A potentially better sensor to use for your AFR is your nose. If your exhaust stinks like gas, youíre rich. Lean it out. When I was tuning my Edelbrock carb, my AFR meter was telling me that I was lean. My nose was telling me that I was rich. I went with my nose and leaned the mix. I passed no problem.

    Most importantly, tune to the test. The California smog check tests emissions at 15 and 25 mph. Make sure your AFR is optimal at those speeds, even if itís a little off in other places. For my Edelbrock, I used a combination of the AFR sensor and the feel of the engine to tune. If you know what lean misfire feels like, then you can richen your mixture until it just stops and youíll probably be right. If you donít know what lean misfire feels like, go lean until the engine starts having trouble. Then youíll know.

    Continued...
    Dr_Snooz

    "I like to take hammers, and just break stuff, just break stuff." - Beavis


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  2. #2

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    Re: How to pass smog

    How to get through it
    First and foremost, keep your car in good working order. If you are not staying current on regular maintenance and/or not using good gas, oil and replacement parts, then you have a much higher likelihood of failing smog. Good maintenance is key to passing the smog check.

    If you have mods, keep them neat and clean. You want your engine bay to look factory stock.

    Request a pre-test before the real test. This is important. If you hit gross polluter on a real test, you will be subject to all the gross polluter restrictions on your next test. If you fail on a pre-test, you will not.

    Just before the test
    There are lots of websites out there with little tricks for preparing. Read them and use them. In the days before the test, change your oil, especially if you are likely to go over on HCs or NOx. Make sure the car is tuned up. This means that the plugs, wires, cap and rotor are not older than is recommended according to your maintenance schedule.

    Immediately before the test, take the car out and drive it vigorously. Get it hot and blow out as much carbon as you can before taking it in. A hot catalytic converter catches a lot more emissions than a cold one. A hot engine runs much leaner than a cold one.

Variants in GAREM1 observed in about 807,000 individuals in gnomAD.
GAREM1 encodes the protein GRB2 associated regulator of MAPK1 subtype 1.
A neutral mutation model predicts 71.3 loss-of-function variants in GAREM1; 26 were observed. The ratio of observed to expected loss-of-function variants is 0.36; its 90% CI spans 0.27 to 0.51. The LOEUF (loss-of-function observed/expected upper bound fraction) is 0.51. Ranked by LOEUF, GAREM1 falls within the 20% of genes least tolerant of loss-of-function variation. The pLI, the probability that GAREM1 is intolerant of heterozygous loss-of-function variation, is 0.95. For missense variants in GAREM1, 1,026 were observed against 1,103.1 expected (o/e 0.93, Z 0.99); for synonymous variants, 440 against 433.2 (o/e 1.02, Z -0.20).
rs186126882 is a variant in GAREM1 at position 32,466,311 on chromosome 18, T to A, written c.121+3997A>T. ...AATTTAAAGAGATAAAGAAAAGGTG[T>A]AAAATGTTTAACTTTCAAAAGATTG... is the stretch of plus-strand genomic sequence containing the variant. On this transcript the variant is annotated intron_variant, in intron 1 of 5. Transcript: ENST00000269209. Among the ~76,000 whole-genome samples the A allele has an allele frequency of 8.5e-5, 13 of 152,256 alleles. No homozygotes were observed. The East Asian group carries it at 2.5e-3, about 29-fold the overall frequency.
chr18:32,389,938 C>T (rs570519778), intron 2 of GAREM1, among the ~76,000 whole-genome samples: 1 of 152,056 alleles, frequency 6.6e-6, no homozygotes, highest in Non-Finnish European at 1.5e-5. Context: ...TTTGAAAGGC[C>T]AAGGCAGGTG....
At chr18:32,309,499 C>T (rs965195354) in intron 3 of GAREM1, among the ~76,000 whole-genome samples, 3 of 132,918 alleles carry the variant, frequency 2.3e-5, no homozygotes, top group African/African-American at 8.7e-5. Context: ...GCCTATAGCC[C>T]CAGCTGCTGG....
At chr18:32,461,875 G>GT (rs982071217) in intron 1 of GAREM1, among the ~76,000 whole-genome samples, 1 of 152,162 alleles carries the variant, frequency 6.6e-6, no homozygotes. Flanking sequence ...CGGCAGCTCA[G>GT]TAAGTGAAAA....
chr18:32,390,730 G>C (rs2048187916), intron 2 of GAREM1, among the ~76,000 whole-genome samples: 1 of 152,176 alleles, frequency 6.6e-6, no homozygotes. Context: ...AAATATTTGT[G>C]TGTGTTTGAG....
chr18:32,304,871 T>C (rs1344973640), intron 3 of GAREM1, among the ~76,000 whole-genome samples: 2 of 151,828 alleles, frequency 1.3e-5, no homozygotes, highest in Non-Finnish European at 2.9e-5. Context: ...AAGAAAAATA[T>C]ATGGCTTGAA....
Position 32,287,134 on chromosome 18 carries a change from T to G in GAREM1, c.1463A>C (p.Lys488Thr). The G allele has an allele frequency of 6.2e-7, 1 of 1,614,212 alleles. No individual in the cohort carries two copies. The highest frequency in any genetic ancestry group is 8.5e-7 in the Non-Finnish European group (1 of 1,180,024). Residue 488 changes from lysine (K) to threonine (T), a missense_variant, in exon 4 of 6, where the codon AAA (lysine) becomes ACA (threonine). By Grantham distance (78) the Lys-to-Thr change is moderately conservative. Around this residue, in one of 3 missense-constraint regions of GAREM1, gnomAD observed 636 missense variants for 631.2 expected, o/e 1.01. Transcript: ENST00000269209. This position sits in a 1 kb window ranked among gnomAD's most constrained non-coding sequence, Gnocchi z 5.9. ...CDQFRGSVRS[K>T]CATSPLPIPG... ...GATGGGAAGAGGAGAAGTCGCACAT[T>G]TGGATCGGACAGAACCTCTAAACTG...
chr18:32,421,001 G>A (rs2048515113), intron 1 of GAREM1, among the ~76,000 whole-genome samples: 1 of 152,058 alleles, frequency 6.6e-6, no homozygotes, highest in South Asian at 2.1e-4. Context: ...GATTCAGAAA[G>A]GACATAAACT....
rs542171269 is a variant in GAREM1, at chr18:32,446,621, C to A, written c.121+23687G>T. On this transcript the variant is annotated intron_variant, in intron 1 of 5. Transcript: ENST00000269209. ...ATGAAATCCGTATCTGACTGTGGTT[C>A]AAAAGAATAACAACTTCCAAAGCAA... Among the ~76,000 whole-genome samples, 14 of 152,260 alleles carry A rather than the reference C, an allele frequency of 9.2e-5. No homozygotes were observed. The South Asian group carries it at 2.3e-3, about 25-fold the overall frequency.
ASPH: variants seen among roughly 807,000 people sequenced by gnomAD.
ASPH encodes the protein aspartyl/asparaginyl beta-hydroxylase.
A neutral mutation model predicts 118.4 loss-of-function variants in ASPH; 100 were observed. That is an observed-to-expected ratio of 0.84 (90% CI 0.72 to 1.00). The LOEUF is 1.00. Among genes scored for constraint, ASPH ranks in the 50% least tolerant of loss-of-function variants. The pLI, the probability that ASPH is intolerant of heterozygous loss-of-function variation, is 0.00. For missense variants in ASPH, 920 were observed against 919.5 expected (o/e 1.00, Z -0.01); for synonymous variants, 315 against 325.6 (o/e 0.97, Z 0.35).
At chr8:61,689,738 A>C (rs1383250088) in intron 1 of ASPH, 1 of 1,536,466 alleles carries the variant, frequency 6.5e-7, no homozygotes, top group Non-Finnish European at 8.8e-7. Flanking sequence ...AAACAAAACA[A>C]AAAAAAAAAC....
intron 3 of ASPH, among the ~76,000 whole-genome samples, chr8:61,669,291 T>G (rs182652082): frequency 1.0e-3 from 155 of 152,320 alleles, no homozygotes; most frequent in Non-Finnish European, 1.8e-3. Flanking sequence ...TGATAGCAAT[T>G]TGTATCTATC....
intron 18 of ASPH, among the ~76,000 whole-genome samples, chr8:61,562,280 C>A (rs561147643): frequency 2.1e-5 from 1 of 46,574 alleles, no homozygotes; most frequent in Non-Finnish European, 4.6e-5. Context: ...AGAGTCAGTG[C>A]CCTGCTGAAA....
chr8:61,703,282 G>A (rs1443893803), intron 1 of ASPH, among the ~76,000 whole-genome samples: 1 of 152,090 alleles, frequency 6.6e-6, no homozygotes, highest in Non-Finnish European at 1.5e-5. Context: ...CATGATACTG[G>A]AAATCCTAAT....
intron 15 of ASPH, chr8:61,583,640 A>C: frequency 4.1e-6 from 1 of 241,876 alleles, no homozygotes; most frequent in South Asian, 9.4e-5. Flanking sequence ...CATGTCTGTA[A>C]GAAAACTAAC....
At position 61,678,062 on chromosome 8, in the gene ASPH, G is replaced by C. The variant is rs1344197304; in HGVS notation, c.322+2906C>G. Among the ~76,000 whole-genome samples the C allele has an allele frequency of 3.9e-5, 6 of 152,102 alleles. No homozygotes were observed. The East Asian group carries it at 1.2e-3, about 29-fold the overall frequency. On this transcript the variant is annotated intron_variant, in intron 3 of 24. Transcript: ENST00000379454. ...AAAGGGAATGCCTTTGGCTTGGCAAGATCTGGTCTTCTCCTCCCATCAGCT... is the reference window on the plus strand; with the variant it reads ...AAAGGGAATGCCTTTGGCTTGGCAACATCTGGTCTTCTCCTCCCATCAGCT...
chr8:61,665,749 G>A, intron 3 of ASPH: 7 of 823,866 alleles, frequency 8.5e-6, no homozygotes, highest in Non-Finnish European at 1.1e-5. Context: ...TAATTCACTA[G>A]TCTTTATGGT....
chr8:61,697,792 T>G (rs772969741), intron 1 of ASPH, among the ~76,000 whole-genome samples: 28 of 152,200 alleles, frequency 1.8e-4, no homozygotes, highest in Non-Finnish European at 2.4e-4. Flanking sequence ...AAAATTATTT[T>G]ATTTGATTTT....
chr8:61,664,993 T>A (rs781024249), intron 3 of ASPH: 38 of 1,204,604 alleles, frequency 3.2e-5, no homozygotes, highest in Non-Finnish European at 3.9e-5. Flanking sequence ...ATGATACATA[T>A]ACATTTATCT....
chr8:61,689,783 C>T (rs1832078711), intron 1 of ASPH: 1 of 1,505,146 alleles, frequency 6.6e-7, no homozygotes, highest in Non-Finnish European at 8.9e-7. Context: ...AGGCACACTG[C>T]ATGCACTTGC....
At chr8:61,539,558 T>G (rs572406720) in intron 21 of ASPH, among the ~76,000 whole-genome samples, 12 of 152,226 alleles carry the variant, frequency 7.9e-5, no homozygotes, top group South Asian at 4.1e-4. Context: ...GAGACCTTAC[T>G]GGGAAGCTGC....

If you can, watch the tech perform your check. This will give you a lot of insight into how the test conditions might have contributed to a pass or a fail. Did the car sit long enough to cool down before being tested? Did the tech feather the throttle a lot to keep speed in the right testing range? Doing so could cause emissions to spike. If you have dual exhaust, did the tech use the old pipe with all the holes, or the new pipe with no holes and the new catalytic converter? This is all valuable information for getting your car through the next time and the next.

    If you fail
    First, keep your wits about you. The shop might quote you some ridiculous and very frightening figures. Ignore them and start researching. Start with a simple Google search. For instance, “causes of high co” yields some nice results. As you read over possible causes, think about what you already know about your car. If HCs are high and your catalytic converter is 200k miles old, then chances are you need a new one. If you are high on CO and your carbureted car smells up the garage with fresh gas, then you might need a new charcoal canister. The trick is to use your head and come up with the most likely solution.

    Sometimes, the solution is going to be very expensive. If your rings are gone and the car blows blue smoke, it’s going to cost a lot of money to get it past smog.

    The good news is that you can still pass smog, even if your car isn’t factory original or lovingly maintained by the dealer since new. Just be smart and keep loving your 3g!!!
    Dr_Snooz